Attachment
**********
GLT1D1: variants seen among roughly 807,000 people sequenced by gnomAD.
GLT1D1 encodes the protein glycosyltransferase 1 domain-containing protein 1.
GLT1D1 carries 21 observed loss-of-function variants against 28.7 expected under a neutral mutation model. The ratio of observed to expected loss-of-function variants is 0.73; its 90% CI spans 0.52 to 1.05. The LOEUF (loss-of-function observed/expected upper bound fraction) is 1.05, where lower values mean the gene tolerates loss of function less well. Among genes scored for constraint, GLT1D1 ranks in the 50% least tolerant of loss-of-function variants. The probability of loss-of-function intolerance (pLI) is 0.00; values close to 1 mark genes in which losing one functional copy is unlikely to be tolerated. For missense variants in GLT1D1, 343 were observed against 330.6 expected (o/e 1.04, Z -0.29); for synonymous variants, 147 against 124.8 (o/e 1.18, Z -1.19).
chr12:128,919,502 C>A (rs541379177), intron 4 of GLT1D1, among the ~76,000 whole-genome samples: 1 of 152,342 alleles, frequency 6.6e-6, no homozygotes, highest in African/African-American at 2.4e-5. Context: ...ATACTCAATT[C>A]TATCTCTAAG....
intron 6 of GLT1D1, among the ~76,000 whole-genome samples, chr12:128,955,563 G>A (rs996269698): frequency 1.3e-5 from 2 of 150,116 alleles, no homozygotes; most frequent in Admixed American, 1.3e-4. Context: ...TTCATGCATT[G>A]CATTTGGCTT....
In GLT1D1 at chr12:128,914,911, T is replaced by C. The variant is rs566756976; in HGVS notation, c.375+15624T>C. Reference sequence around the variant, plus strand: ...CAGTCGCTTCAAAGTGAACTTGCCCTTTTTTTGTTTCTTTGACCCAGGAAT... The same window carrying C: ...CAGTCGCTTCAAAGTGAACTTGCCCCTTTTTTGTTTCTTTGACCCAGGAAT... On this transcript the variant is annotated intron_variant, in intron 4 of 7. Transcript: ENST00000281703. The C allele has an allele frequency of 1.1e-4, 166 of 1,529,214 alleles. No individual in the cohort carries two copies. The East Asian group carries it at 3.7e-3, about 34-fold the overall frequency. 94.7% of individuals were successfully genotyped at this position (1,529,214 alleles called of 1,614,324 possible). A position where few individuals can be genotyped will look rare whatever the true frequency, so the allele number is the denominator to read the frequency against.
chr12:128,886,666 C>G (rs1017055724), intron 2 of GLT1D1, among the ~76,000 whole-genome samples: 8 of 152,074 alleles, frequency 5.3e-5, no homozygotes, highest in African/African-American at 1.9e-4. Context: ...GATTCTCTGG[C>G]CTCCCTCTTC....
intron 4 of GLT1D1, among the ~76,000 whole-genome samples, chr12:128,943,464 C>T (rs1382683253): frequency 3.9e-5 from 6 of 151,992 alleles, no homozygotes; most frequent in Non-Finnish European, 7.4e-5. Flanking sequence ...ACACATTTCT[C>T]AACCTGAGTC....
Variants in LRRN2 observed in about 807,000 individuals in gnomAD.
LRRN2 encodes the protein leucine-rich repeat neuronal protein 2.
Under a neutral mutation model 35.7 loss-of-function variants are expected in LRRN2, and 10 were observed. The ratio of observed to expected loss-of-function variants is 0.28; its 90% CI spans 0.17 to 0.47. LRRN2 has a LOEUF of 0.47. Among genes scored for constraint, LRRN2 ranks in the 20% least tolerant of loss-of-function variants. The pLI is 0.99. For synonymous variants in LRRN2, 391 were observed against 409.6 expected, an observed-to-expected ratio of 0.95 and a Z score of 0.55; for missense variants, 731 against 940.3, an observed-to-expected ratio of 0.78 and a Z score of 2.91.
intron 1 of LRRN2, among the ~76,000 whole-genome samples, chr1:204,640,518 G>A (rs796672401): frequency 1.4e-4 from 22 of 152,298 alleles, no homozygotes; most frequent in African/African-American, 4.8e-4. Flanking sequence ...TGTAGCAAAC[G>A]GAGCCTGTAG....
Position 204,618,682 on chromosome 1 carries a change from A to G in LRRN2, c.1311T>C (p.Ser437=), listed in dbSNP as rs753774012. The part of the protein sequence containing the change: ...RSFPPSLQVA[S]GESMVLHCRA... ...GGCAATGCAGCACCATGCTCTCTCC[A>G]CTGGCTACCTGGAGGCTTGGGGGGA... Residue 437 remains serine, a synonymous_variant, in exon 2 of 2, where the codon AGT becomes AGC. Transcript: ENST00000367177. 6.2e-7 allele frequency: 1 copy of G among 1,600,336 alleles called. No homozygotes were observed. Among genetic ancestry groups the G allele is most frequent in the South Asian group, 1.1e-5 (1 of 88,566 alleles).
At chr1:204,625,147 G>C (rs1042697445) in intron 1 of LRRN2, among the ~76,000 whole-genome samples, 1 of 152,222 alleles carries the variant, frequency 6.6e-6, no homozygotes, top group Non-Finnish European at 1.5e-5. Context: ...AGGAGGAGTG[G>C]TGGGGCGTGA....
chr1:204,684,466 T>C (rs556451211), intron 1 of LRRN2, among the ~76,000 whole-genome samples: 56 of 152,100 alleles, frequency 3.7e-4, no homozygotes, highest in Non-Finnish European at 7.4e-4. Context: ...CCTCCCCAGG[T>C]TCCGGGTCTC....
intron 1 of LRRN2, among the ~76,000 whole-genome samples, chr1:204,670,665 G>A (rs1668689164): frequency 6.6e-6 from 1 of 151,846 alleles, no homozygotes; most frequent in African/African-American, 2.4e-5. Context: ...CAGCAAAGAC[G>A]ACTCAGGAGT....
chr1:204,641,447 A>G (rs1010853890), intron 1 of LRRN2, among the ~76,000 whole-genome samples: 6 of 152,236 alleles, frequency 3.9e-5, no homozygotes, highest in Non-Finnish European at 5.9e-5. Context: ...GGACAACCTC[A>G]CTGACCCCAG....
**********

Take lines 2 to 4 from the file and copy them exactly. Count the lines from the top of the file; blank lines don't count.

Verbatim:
GLT1D1 encodes the protein glycosyltransferase 1 domain-containing protein 1.
GLT1D1 carries 21 observed loss-of-function variants against 28.7 expected under a neutral mutation model. The ratio of observed to expected loss-of-function variants is 0.73; its 90% CI spans 0.52 to 1.05. The LOEUF (loss-of-function observed/expected upper bound fraction) is 1.05, where lower values mean the gene tolerates loss of function less well. Among genes scored for constraint, GLT1D1 ranks in the 50% least tolerant of loss-of-function variants. The probability of loss-of-function intolerance (pLI) is 0.00; values close to 1 mark genes in which losing one functional copy is unlikely to be tolerated. For missense variants in GLT1D1, 343 were observed against 330.6 expected (o/e 1.04, Z -0.29); for synonymous variants, 147 against 124.8 (o/e 1.18, Z -1.19).
chr12:128,919,502 C>A (rs541379177), intron 4 of GLT1D1, among the ~76,000 whole-genome samples: 1 of 152,342 alleles, frequency 6.6e-6, no homozygotes, highest in African/African-American at 2.4e-5. Context: ...ATACTCAATT[C>A]TATCTCTAAG....